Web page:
William first appears in Lilydale in the 1887 rate books (struck as at December 23, 1886) when he leased what was described as a printing office from W. H. Wilson.

However, his time at the helm was brief as on May 13, 1887 journalists Henry S. Webb and Thomas Oliver had taken over the newspaper. At the time Axford was living in Glenferrie.

Determined to maintain a presence in the town, he also purchased land in lower Main Street – Lot 4 sub section 1 of the Olinda estate just west of the Olinda Creek. By the following year he had erected a shop on it as the rates increased from £3 to £40.

Firstly Axford and then his son Arthur William continued to own the shop and premises until it was sold to James B. Cathcart by October 9, 1911.

To compliment their business and perhaps the need to provide paddocks for their horses, Axford purchased Lot 7 block 1 at the north east corner of John and Hutchinson streets in 1896. This was leased out to the operators of the bakery until it was purchased by Julia Briers on August 15, 1905. Ironically, it was later to become the new premises of the Elliot Newspaper Group which purchased the Lilydale Express on November 13, 1964.

Julia Briers

Julia Briers was the wife of David Briers, wheelwright and blacksmith. Julianna (Julia) Susanna Duvoisin was the daughter David and Sussanah (Jeane Susanne Pouly) Duvoisin who was born at Yering in 1864. Julia’s father had arrived at Yering from Switzerland in 1854 and worked in the district. In 1861 he married Jeane Susanne Pouly. Julia was the second of their four children.

David Briers arrived in Lilydale and had purchased Lot 9 block 1 of John Hutchinson’s Olinda Estate by December 1886. He married Julia in 1889. They had 10 children and both lived all their lives in the house on Lot 9 known as 49-51 John Street.

A home never graced the lot though in 1927 Henry Briers built a forge on his mother’s site as it is noted in the 1927 shire of Lillydale Ratebooks and the value of the property jumped from £2 to £10.

Julia sold the property to her son in exchange for the 2 lots on the south –east corner of John & Hutchinson streets (lots 2 & 3 of block 6) on January 1, 1936.

Throughout their lives, the Briers family owned or leased many of the lots in John Street.

Henry Wilfred Briers was born 1891, the son of David Briers and Julia Duvoisin. He worked as a wheelwright with his father and remained a bachelor and lived in the family home until he moved into Hazelmere at Montrose where he spent the last three years of his life. He died in 1978.

He owned the property until June 7, 1950 when he sold it three manufacturers for £575. The subsequent owners held the property for only a short time until it was purchased by Reginald Victor Fitzgibbon Eldridge on March 23, 1960 who on the same day sold it to John Phillip George and Phyllis Mary Isabel Cummings who also purchased lot 8 in September of the same year.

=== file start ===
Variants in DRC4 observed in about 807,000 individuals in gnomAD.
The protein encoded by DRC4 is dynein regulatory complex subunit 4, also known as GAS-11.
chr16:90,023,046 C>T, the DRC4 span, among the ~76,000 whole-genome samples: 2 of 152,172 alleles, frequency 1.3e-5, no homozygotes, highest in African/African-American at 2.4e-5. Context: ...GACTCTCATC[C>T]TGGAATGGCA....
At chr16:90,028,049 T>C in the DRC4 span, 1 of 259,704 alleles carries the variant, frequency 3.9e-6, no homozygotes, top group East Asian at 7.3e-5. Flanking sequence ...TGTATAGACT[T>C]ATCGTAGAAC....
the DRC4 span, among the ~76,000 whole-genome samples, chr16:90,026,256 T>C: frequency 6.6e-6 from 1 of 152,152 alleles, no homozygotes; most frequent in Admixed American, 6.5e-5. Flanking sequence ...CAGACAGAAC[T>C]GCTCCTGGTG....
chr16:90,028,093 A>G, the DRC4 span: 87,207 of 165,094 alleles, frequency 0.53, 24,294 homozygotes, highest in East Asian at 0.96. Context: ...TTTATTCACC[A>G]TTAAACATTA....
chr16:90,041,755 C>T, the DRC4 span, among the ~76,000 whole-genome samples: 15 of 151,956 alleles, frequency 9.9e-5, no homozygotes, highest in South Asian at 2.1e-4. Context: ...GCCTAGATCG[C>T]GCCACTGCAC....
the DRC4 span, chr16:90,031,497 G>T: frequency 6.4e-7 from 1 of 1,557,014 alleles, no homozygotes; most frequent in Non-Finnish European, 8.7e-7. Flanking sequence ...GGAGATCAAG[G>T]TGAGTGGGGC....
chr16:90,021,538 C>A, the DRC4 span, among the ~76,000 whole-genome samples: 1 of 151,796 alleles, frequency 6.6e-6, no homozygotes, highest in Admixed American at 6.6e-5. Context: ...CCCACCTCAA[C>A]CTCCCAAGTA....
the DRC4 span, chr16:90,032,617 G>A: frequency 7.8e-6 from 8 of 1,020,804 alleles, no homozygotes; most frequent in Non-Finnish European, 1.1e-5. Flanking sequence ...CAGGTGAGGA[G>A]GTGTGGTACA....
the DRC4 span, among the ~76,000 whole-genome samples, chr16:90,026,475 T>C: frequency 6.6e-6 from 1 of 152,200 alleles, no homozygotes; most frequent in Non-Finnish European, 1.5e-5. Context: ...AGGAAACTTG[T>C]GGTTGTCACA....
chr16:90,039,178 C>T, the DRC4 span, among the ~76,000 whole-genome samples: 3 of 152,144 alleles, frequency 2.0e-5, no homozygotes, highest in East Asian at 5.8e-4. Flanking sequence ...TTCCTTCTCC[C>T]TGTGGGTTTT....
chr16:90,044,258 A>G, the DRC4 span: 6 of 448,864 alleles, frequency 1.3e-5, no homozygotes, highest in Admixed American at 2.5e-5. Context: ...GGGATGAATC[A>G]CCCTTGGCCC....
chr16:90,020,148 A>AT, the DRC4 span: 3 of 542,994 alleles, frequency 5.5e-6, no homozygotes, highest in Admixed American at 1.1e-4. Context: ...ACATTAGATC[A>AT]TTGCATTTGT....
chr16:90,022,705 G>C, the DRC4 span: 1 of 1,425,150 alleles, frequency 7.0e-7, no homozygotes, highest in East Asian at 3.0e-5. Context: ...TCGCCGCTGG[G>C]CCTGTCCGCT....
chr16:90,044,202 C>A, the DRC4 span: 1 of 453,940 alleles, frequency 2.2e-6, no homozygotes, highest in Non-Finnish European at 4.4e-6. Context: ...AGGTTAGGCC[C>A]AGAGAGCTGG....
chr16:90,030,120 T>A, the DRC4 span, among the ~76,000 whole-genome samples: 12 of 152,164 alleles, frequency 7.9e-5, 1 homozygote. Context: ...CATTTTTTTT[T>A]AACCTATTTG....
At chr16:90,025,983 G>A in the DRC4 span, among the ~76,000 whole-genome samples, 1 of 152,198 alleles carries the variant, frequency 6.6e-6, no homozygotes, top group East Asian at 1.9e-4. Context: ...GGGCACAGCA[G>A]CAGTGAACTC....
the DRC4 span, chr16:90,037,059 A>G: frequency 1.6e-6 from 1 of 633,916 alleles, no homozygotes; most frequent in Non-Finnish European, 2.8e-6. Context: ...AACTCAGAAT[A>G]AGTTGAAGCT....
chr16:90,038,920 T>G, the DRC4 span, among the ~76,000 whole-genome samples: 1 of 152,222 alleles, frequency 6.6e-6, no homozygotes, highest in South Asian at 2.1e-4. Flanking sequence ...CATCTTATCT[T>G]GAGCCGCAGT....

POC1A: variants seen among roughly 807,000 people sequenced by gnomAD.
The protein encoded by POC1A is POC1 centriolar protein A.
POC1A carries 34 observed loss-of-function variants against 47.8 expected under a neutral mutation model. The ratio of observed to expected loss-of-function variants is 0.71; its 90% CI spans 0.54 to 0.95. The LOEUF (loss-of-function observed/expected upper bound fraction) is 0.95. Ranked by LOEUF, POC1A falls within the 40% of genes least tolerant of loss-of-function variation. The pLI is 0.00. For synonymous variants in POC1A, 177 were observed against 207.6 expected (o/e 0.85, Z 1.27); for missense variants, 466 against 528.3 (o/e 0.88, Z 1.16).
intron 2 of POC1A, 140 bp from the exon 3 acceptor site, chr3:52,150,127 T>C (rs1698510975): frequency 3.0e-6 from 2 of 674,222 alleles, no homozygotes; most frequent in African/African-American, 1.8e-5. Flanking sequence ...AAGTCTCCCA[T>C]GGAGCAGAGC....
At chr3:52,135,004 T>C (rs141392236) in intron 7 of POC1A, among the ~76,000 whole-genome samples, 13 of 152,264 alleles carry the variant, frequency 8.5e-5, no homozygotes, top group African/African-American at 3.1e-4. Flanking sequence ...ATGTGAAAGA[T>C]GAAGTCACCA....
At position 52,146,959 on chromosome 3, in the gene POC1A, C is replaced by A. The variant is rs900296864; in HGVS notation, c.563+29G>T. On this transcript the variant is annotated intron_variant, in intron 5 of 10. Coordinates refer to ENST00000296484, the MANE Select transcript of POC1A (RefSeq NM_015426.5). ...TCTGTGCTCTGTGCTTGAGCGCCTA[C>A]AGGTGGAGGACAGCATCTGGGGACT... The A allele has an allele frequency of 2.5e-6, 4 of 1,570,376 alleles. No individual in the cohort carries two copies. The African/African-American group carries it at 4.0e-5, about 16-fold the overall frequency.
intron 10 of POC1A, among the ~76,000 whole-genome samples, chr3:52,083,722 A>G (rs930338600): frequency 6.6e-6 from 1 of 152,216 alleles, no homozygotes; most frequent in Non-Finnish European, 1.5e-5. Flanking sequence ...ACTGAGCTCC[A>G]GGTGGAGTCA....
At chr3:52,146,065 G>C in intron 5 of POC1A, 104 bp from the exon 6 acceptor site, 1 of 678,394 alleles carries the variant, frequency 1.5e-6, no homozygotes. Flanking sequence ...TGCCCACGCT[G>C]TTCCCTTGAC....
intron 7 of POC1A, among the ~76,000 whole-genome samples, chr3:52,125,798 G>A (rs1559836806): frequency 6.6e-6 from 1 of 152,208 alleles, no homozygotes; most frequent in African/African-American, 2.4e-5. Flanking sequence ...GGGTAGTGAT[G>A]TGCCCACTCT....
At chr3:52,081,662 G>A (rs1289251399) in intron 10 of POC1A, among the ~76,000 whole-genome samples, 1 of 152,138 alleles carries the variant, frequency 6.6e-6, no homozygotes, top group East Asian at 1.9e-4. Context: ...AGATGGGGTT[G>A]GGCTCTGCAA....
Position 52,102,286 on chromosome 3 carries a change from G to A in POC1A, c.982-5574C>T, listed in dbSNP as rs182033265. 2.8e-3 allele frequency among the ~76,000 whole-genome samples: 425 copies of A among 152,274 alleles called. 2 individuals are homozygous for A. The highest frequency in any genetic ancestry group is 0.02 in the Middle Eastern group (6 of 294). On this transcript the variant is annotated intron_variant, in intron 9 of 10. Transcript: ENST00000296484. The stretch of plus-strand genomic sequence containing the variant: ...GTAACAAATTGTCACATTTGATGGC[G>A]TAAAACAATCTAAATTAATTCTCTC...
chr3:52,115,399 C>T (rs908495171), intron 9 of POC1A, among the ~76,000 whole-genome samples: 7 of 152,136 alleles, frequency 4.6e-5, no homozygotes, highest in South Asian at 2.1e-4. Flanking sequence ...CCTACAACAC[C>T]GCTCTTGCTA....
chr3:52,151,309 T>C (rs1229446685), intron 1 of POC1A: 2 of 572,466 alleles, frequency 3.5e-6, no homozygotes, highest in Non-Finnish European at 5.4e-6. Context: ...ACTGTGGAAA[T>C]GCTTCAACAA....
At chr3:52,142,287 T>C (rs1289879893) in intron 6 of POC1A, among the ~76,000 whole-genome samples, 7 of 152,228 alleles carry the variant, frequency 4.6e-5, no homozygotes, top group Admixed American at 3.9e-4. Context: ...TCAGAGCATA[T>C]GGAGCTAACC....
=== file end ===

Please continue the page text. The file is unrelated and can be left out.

Within a month, November 1960, they had sold both lots to T.C. Garland Pty Ltd, the company which owned and operated the Land Rover dealership in Lilydale. According to Reg Davies the company planned to build a new home for the dealership. However it didn’t eventuate so the properties were sold to Elliot Newspapers on August 8, 1964 for £9000.

Lilydale Express – Elliott Newspapers Express Newspapers Pty Ltd

The local newspaper – the Lilydale Express – had interesting links with Gun Alley. Established in 1886 the newspaper office and printing works were in several locations – Main Street next to the Lilydale Hotel; the hall of the Methodist Church in Castella Street; again in Main Street next to the hotel and then in 1964 moved into a new, specifically built building in Hutchinson Street on Lot 7 and 8 of Block 1.

On July 24, 1964, the Gill family who had operated the newspaper and printing works for 36 years, announced it would be “linked with” the Elliott Newspaper Group based in Mildura. Lloyd Gill would stay on as an editorial executive; Harry and Roy Gill would continue to operate the commercial printing side of the business and Len Gill would remain in charge of the Mail office in Warburton.

A spokesman for the Elliott Group said:

“We welcome the opportunity of entering the progressive Lilydale district and playing a role in the development of this obviously expanding area.”

Two weeks later on the front page of the August 7, 1964 edition, the newspaper announced work had started on its new “modern streamlined office and factory building” on a newly acquired site. The site referred to was Lots 7 and 8 of Block 1 running along the laneway with the frontage to Hutchinson Street which Elliot Provincial Newspaper Group Ltd (Mildura) had acquired from T.C. Garland Pty Ltd two days earlier on August 5.

The builders were R and L Collins Pty Ltd and the architects Hugh Peck and Partners, Melbourne. Plans were for the newspaper to move into the partially completed building at the end of September which was achieved as by early November the Hutchinson Street location was being promoted and the newly formed company Express Newspapers Pty Ltd was up and running.

Even the Lilydale Shire President Cr W.M. Sarl got into the act by congratulating the proprietors on moving into their new building though a letter to the editor published on November 27, 1964.

“The value of a local newspaper is very great in a large shire such as ours, and my council is very conscious of the fact that your weekly publication is the medium by which it – the council – is able to reach the public.”

Cr Sarl also saw the newspaper as part of the development of the shire:

“The fast development of the shire – particularly from the Croydon Shire boundary – is so apparent that the possibilities of further enlargement of your establishment may not be too far distant.”

In 1965 employment opportunities abounded at the newspaper with advertisements of a part time woman reporter and apprentice printer.

Like the rest of the lower end of town commercial development had arrived and for the kids who lived in Gun Alley in the 1940s and 1950s, they were left only with great memories of the large tree that grew on the corner of the property. Their local meeting spot away from the heat of summer was gone.